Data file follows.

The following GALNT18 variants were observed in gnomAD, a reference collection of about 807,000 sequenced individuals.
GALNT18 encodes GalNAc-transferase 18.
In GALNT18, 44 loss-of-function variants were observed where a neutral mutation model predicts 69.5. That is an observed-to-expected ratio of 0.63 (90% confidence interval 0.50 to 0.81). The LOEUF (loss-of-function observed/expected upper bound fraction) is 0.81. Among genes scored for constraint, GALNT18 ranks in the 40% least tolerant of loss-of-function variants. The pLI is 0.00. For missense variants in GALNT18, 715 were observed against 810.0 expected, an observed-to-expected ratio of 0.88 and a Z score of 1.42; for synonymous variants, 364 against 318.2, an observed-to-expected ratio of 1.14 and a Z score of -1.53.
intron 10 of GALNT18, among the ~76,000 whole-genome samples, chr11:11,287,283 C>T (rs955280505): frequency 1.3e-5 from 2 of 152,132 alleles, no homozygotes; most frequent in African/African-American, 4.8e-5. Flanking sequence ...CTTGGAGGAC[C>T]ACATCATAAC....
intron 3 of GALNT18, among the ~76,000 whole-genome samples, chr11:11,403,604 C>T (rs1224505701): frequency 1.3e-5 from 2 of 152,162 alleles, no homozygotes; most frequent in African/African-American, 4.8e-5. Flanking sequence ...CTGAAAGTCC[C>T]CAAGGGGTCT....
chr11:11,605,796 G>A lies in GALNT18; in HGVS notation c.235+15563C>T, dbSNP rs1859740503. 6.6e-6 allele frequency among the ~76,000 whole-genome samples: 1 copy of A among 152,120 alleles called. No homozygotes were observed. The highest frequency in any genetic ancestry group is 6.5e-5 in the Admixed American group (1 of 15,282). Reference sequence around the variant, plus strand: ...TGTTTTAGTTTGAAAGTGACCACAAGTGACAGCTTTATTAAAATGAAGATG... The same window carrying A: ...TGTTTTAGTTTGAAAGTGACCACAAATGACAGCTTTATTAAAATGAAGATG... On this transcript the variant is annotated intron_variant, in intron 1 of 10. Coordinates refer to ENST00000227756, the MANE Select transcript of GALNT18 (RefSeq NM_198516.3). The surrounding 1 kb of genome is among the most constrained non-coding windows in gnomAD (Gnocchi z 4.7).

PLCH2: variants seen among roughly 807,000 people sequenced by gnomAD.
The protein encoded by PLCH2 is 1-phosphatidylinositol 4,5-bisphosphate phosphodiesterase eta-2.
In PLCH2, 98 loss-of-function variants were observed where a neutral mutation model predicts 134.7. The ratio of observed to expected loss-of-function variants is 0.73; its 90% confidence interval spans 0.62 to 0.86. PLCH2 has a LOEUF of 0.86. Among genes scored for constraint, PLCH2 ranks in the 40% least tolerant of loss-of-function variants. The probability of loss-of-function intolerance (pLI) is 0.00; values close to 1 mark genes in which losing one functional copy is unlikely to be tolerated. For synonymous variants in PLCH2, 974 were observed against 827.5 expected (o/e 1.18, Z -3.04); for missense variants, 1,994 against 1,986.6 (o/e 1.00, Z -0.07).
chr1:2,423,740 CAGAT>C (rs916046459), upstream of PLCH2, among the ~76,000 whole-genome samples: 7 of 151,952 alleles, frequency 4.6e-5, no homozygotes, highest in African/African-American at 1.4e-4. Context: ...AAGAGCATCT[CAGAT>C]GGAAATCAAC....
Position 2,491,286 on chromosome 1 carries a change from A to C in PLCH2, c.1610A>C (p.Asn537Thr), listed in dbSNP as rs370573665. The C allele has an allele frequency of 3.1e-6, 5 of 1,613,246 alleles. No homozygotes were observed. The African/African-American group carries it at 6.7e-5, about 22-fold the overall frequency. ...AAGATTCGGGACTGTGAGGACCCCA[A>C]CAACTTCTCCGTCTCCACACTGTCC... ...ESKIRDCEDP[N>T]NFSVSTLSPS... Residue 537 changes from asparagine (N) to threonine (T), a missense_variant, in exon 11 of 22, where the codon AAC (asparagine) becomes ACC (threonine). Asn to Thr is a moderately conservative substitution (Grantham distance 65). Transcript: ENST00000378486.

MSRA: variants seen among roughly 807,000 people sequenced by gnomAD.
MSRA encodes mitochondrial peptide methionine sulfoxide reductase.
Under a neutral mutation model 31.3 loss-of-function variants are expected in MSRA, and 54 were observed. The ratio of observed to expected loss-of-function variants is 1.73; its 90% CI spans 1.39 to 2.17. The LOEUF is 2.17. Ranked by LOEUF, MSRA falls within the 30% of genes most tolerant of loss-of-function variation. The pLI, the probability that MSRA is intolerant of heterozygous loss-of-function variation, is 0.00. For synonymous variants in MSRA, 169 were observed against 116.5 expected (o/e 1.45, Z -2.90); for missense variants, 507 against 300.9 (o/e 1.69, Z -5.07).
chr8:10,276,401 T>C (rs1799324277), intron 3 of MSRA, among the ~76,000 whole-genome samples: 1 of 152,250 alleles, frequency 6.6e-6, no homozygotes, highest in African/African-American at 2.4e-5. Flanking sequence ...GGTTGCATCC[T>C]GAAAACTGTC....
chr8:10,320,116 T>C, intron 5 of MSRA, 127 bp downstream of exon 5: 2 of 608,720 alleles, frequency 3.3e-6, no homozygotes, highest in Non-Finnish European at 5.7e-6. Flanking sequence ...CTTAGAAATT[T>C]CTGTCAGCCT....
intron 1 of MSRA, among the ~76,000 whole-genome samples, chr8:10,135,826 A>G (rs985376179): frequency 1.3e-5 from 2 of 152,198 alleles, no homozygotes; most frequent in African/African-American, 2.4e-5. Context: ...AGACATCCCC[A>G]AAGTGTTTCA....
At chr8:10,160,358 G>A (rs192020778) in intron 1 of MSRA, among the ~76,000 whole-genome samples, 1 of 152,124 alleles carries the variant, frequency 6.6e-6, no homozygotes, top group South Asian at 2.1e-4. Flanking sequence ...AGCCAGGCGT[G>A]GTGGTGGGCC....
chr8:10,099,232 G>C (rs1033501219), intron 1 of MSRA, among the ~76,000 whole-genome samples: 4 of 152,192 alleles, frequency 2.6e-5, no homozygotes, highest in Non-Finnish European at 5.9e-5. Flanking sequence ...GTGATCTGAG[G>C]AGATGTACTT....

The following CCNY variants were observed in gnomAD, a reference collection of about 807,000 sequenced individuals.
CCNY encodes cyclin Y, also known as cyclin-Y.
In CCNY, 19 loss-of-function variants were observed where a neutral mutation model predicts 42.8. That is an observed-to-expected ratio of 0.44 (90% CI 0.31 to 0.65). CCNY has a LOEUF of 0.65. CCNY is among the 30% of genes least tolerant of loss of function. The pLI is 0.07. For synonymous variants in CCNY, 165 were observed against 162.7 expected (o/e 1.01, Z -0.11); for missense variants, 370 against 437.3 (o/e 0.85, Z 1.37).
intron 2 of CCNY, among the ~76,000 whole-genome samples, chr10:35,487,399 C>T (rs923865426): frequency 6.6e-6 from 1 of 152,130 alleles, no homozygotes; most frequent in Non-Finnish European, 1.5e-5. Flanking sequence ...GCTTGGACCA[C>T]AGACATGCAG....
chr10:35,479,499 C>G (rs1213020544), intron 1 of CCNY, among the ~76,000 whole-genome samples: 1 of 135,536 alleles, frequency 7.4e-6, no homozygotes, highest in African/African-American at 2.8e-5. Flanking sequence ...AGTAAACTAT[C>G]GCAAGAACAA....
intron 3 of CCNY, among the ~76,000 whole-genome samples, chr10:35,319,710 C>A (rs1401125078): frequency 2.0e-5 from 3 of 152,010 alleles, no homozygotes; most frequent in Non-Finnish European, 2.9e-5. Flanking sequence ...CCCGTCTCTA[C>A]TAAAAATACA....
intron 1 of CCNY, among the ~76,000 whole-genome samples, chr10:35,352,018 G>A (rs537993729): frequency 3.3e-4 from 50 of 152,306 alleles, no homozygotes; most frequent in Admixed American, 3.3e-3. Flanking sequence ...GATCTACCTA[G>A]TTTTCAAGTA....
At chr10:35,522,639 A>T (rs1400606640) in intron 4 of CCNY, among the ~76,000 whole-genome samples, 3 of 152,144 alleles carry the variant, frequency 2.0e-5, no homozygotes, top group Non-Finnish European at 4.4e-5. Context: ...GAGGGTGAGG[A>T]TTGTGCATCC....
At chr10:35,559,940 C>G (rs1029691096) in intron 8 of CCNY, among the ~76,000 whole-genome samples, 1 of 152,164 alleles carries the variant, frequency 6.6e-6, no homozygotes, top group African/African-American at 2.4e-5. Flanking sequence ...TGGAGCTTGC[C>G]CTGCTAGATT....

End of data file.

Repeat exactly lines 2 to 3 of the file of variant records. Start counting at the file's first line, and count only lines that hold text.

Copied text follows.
GALNT18 encodes GalNAc-transferase 18.
In GALNT18, 44 loss-of-function variants were observed where a neutral mutation model predicts 69.5. That is an observed-to-expected ratio of 0.63 (90% confidence interval 0.50 to 0.81). The LOEUF (loss-of-function observed/expected upper bound fraction) is 0.81. Among genes scored for constraint, GALNT18 ranks in the 40% least tolerant of loss-of-function variants. The pLI is 0.00. For missense variants in GALNT18, 715 were observed against 810.0 expected, an observed-to-expected ratio of 0.88 and a Z score of 1.42; for synonymous variants, 364 against 318.2, an observed-to-expected ratio of 1.14 and a Z score of -1.53.